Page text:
In a cross-sectional study of 175 consecutive women at a CPP clinic examining the nature and number of pain diagnoses, 5 percent had vulvodynia defined as point tenderness of the vulva including the introitus.87In a prospective cohort study of 370 women evaluated at a pelvic pain clinic, 7 percent had a clinical diagnosis of vestibulitis.70 Clinical diagnosis was defined as a physician indicating the diagnosis was definite or probable, and vestibulitis was not defined.

Key Question 2. Among women with noncyclic/mixed cyclic and noncyclic CPP, what is the effect of surgical interventions on pain status, functional status, satisfaction with care, and quality of life?

This section presents the results of our literature search and findings about outcomes of surgical interventions for the treatment of CPP. The surgical approaches represented in the literature meeting our criteria included diagnostic laparoscopy and laparotomy, hysterectomy, adhesiolysis of intraabdominal and pelvic adhesions, laparoscopic utero-sacral nerve ablation (LUNA), and utero-sacral ligament resection. No studies of approaches such as presacral neurectomy met our criteria.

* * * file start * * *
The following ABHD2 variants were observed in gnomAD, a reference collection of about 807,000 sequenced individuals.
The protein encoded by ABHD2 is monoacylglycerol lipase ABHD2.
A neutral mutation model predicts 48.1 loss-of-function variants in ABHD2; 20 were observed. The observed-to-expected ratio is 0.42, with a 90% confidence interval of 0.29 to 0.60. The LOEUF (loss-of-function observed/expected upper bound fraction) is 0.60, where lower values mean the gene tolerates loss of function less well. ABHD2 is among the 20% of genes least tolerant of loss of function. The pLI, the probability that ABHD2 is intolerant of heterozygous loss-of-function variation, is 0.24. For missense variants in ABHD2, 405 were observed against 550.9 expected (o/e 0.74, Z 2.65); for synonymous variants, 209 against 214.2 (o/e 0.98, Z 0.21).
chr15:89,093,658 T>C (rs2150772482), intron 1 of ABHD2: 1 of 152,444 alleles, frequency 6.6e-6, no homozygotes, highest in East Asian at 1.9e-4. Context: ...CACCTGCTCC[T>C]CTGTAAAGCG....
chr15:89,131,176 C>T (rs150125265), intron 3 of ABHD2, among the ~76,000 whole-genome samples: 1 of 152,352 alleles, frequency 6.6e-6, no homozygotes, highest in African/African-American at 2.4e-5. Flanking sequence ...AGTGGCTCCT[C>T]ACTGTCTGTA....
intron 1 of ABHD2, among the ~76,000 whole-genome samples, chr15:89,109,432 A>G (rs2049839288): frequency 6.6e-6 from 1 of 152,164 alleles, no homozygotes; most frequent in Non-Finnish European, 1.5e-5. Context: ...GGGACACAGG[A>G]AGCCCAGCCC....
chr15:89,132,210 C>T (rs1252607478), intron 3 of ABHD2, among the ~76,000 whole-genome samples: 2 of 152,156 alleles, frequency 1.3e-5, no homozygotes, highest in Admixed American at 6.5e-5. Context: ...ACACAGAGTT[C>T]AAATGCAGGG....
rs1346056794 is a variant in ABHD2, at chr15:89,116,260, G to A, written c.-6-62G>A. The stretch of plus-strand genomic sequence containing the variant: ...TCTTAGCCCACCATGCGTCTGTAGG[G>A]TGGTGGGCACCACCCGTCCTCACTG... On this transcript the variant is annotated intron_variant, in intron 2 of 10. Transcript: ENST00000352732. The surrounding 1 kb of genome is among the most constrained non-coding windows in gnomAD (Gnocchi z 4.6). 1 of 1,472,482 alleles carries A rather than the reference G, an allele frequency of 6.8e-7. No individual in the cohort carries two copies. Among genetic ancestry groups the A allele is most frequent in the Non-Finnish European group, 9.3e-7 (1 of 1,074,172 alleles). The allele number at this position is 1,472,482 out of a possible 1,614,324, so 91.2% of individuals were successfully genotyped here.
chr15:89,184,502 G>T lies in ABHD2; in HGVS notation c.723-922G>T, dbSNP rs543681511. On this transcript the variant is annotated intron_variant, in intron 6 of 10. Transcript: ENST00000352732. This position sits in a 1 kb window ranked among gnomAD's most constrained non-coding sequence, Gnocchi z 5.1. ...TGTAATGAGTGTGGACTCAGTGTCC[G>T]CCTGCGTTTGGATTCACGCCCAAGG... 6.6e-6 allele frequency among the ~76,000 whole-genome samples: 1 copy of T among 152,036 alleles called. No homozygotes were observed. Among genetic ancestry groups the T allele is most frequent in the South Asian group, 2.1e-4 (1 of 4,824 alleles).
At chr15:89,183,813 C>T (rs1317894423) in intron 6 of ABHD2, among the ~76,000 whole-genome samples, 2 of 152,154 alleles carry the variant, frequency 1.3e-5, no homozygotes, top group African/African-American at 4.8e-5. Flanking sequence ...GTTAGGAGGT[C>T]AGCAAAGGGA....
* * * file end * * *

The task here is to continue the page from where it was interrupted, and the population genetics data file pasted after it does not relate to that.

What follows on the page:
Overview of the Literature

We identified seven studies addressing surgical approaches; five were RCTs conducted in Europe or New Zealand, and two were prospective cohort studies conducted in the U.S. We rated one study as good93, one as fair,51 and 5 as poor quality.54,70,75,80,94 Three studies compared surgical with nonsurgical or medical approaches for CPP treatment.54,70,75 Three studies compared an active surgical technique, either LUNA or adhesiolysis, with surgical control (diagnostic laparoscopy).51,80,93 One study directly compared two surgical techniques (LUNA vs. utero-sacral ligament resection).94